May 23, 2006 Montreal, Quebec. From the mountains of Japan to the streets of Montreal. I love Montreal, but the best thing about this trip is that I met up with some friends from Expo!!! and Manitoba!!!! Thank you so much for the quick visit and I am definately planning another trip there in the near future. Merci beaucoup!!!
May 20, 2006 Yoshino, Japan. I didn't really expect to be in Japan again this soon but because of a job interview I made a quick trip back to the land of the rising sun. While I'm here I decided to hike the famous Okugake trail that connects Yoshino and Hongu. I completed the trek 4 years ago, from Yoshino to Hongu, so this time I walked from Hongu to Yoshino. This route is an ancient trail used by yamabushi, members of the Shugen sect of ascetic Buddhism, for spiritual training and communing with the gods. There are various religious sites along the route including the Omine temple and Tamaki shrine. It took me 6 days and it rained 5 of them! I also had a chance to be hung over a cliff, a training ritual for mountain monks. Very exciting stuff!!!
May 6, 2006 Winnipeg, Canada. My sister is married! Today she had a wedding social and surprised everyone when the wedding march started. The next thing you know is that Tracey is walking into the hall wearing a wedding vale with Dean by her side. I don`t think that I have ever seen my sister look so happy in her life before. It was so great, everyone had a super time at your wedding `social` and I`m so glad that I was able to be a part of it. Congratulations Tracey and Dean Williams!!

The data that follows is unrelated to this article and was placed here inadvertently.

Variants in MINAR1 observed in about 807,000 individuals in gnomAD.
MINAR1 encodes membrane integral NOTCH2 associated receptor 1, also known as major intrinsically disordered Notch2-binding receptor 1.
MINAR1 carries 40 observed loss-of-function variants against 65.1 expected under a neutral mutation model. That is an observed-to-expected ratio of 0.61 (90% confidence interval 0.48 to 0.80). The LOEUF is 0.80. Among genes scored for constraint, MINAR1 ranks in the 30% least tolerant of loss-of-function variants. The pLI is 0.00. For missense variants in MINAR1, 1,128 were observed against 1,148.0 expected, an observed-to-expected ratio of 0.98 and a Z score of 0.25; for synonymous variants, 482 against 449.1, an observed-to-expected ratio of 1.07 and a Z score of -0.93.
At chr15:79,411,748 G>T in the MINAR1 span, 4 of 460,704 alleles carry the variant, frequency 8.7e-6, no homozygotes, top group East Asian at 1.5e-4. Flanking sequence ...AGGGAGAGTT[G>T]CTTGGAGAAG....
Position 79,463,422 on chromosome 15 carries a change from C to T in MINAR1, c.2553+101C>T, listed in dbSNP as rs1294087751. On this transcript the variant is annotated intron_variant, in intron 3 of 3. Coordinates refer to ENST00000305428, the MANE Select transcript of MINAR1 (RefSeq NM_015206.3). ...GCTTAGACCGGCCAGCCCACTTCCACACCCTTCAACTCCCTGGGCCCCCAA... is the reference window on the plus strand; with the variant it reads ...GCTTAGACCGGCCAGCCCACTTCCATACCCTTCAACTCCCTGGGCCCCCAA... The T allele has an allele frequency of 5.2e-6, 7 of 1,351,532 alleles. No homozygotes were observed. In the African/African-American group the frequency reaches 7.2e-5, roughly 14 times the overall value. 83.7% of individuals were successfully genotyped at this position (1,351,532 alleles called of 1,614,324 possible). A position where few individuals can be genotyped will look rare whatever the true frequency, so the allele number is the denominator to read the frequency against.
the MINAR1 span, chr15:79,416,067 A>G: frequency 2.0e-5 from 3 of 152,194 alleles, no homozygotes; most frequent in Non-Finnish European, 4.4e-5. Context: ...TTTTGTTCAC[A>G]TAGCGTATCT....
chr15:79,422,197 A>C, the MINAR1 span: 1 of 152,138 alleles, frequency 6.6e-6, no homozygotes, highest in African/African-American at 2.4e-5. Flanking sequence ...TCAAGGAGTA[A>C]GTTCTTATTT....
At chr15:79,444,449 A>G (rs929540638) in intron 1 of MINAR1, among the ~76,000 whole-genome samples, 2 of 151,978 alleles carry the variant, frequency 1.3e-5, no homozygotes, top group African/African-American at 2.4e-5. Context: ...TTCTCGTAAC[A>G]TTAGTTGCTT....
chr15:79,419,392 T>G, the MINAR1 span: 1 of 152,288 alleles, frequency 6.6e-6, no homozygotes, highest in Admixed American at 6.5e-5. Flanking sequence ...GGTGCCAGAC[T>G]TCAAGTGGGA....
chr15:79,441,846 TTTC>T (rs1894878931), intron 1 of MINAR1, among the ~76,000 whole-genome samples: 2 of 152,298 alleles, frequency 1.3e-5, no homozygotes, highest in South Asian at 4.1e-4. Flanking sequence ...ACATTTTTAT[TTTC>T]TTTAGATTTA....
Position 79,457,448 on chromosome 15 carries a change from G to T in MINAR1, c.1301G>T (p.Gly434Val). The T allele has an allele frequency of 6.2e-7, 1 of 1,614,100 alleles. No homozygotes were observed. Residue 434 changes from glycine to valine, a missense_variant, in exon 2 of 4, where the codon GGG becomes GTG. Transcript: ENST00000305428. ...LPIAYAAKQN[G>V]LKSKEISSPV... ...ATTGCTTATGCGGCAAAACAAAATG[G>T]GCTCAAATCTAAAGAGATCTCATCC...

April 16, 2006 Winnipeg, Canada. Happy Easter! Today was another gorgeous spring day. We enjoyed the sunshine all day. The warmth of the sun on my face is one of my favorite spring delights. The long winters are full of sunshine here on the prairies but it's the first sign of heat soaking into the skin that heightens excitement for the summer days to come.
April 13, 2006 Winnipeg, Canada. I'm an Uncle!!! My brother Cameron and Shawna just had a baby boy yesterday at 5:25 am. Congratulations!!! His name is Tylin Bradley. Yes, they named him after his crazy adventarian uncle! I heard the news while in Regina on my long drive home across the prairies. I broke down crying with happiness. I don't even know the words to express how I feel. I am sure that you will all have happy lives together filled with adventures!